Search for missing climbers suspended because of avalanche risk


The search for two experienced climbers missing for several days in the Scottish Highlands has been suspended for the rest of the weekend due to "increasingly hazardous weather" and a continuing risk of avalanches.

A 26-strong search team braved severe sub-zero temperatures, high winds, falling snow and limited visibility on Saturday in a bid to find Rachel Slater, 24, and 27-year-old Tim Newton.

The couple, from Bradford, West Yorkshire, failed to return from an outing on Ben Nevis last weekend and treacherous conditions have hindered air and ground searches on Britain's highest peak in recent days.

Police confirmed that there have been no positive sightings resulting from Saturday's efforts and said searches have been suspended for Sunday. Officers hope the conditions will pick up again on Monday or Tuesday.

Both Ms Slater and Mr Newton's families have been kept informed of the developments.

High winds and driving snow led to the search being suspended on Friday and the Met Office issued snow and ice warnings for much of northern Scotland over the weekend.

But members of Lochaber Mountain Rescue Team (LMRT) were able to resume their work on Saturday morning.

In a statement issued on Saturday night, Police Scotland said: "Twenty-six LMRT personnel and one search dog conducted searches of the Coire Na Ciste area including the foot of Number 5 Gully, under Carn Dearg Buttress, below Waterfall Gully and both Castle Gullies.

"Searches were also conducted at both Castle Gullies, from the CIC (Charles Inglis Clark) Hut, traversing from Curtain to Castle area, below the Castle and Castle Ridge.

"Observations were made of the North Face, from Carn Mor Dearg, along with the foot of Observatory Gully and Douglas Boulder area.

"The weather today was very poor with high winds, falling snow, limited visibility and a considerable risk of avalanches.

"Sadly, there were no positive sightings today and searches have been suspended for tomorrow due to increasingly hazardous weather and further risk of avalanches.

"Reviews continue to be ongoing and it is hoped that there will be an improvement to the conditions on Monday or Tuesday.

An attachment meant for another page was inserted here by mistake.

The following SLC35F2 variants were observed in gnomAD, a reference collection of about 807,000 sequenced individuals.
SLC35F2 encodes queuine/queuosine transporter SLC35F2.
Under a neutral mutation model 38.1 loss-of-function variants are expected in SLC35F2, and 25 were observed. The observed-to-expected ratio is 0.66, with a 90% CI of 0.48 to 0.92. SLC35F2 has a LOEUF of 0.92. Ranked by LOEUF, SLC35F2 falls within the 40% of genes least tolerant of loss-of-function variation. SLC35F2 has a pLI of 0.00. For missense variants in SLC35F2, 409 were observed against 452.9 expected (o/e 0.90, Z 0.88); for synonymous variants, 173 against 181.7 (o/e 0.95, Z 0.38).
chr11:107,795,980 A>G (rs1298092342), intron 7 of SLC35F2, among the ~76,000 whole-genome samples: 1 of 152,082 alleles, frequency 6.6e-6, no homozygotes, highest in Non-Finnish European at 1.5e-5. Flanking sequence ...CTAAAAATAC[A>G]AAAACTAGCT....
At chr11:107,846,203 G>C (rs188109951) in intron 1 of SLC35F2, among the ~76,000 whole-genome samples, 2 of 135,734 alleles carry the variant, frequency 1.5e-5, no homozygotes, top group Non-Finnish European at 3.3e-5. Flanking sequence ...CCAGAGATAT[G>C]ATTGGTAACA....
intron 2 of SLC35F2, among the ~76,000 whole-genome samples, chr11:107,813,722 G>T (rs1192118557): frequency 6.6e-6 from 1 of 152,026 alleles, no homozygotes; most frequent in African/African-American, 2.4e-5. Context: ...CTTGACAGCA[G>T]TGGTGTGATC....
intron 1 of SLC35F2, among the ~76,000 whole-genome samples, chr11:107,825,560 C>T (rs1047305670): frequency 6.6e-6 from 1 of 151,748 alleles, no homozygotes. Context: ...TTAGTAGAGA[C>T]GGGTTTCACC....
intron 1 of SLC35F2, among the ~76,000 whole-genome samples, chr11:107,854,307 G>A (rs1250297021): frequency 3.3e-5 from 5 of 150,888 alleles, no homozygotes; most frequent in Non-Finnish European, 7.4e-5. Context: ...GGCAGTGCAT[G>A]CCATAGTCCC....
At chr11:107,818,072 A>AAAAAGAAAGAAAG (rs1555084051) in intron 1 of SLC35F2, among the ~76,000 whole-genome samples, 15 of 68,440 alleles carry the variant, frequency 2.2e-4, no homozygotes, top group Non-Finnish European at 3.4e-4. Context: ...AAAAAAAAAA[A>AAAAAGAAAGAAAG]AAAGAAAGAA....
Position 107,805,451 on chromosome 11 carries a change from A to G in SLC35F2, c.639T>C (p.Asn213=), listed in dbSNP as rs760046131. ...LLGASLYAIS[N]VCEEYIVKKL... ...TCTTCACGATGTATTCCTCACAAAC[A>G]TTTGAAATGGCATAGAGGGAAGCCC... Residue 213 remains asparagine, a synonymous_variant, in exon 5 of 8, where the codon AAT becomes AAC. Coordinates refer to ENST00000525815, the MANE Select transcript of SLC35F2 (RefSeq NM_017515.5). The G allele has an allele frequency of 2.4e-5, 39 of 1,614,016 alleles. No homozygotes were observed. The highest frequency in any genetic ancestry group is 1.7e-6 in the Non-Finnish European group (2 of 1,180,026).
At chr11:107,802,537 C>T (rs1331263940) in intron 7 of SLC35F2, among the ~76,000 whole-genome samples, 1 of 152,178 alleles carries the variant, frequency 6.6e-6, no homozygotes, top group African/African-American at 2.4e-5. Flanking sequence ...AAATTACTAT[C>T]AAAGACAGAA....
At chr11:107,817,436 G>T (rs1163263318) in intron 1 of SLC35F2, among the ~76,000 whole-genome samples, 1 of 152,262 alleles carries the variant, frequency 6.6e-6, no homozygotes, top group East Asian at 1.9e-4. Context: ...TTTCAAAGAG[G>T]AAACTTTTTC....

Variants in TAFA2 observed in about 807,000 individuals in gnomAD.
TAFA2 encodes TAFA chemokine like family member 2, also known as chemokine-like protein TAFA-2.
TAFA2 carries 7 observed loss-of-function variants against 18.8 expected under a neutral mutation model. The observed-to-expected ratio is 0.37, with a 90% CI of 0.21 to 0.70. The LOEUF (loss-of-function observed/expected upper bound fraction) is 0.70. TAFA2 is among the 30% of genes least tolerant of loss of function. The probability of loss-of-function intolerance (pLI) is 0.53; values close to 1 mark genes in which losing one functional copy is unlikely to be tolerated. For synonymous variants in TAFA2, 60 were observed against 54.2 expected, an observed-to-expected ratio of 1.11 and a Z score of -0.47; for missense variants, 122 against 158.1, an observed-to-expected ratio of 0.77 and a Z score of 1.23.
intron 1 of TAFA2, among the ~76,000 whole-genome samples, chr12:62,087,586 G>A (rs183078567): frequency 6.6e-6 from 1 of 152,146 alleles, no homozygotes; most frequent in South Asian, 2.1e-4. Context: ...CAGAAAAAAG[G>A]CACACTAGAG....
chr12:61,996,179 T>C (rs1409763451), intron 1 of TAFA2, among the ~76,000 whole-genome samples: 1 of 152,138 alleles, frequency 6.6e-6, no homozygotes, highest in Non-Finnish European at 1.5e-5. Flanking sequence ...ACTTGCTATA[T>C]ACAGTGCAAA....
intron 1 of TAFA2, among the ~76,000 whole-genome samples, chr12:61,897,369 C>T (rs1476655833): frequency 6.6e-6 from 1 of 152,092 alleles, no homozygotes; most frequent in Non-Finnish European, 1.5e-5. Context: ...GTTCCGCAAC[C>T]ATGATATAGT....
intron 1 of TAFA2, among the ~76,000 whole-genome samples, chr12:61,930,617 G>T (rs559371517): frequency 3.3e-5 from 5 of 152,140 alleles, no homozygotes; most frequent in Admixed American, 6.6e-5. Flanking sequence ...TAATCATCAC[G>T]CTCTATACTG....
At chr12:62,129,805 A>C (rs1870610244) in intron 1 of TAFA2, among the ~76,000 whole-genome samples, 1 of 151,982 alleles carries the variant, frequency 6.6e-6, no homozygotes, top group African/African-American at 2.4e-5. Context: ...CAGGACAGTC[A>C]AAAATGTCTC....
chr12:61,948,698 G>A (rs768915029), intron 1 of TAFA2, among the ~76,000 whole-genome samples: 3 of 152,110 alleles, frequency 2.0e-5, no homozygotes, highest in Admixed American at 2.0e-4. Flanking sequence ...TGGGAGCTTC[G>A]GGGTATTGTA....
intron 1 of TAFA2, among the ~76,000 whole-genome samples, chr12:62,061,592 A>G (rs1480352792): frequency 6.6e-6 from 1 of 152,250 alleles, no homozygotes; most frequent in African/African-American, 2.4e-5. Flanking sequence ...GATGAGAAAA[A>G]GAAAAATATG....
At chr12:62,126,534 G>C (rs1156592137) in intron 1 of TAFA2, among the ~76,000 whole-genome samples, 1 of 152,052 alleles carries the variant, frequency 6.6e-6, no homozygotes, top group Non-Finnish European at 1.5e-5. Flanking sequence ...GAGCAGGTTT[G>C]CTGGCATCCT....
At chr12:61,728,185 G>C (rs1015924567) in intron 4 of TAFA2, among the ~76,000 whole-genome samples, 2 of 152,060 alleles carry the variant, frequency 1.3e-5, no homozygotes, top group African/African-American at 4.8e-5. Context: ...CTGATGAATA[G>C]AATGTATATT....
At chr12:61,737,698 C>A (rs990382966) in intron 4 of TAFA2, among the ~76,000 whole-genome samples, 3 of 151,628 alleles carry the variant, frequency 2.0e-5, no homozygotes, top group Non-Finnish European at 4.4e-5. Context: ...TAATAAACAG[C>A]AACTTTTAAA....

"Both Rachel and Tim's family continue to be appraised of these circumstances."

Search teams said their thoughts continue to be with Ms Slater and Mr Newtons family and friends.

An earlier posting on the LMRT Facebook page said conditions for the team were "extremely challenging" with a considerable avalanche risk, high winds and heavy fresh snow above 500 metres.

The temperature was around freezing at 500 metres and -6C (21F) on the summit, which felt like -19C (-2F) with the windchill factor.

They added: "We would like to thank everyone who has offered their assistance in the last few days.

"With conditions as they are we cannot afford to put any more people than absolutely necessary at risk and hope you appreciate why we have declined these generous offers.

"Our response for information has produced lots of information which has all been assessed and considered."

Police have asked anyone with information, no matter how insignificant they may think it is, to contact them on 101.

"There have been a number of reports from other climbers and hill walkers of their own movements between Friday 14th February and Sunday 16th February and whilst not all of these reports will have been sightings of Tim and Rachel, this information does help to build a positive line of inquiry as to areas considered for future search operations," the force said.

Mr Newton was a member of Hinckley Mountaineering Club in Leicestershire before moving away to university.

Ms Slater is a graduate of Manchester University and is employed as an environmental consultant near Bradford.

She spent some time living and climbing in Canada, where her parents are still based.

It is believed the couple had been camping behind the Charles Inglis Clark memorial hut on the north side of Ben Nevis.

In a joint statement released on Thursday, their families praised the overwhelming response from members of the public and the climbing community.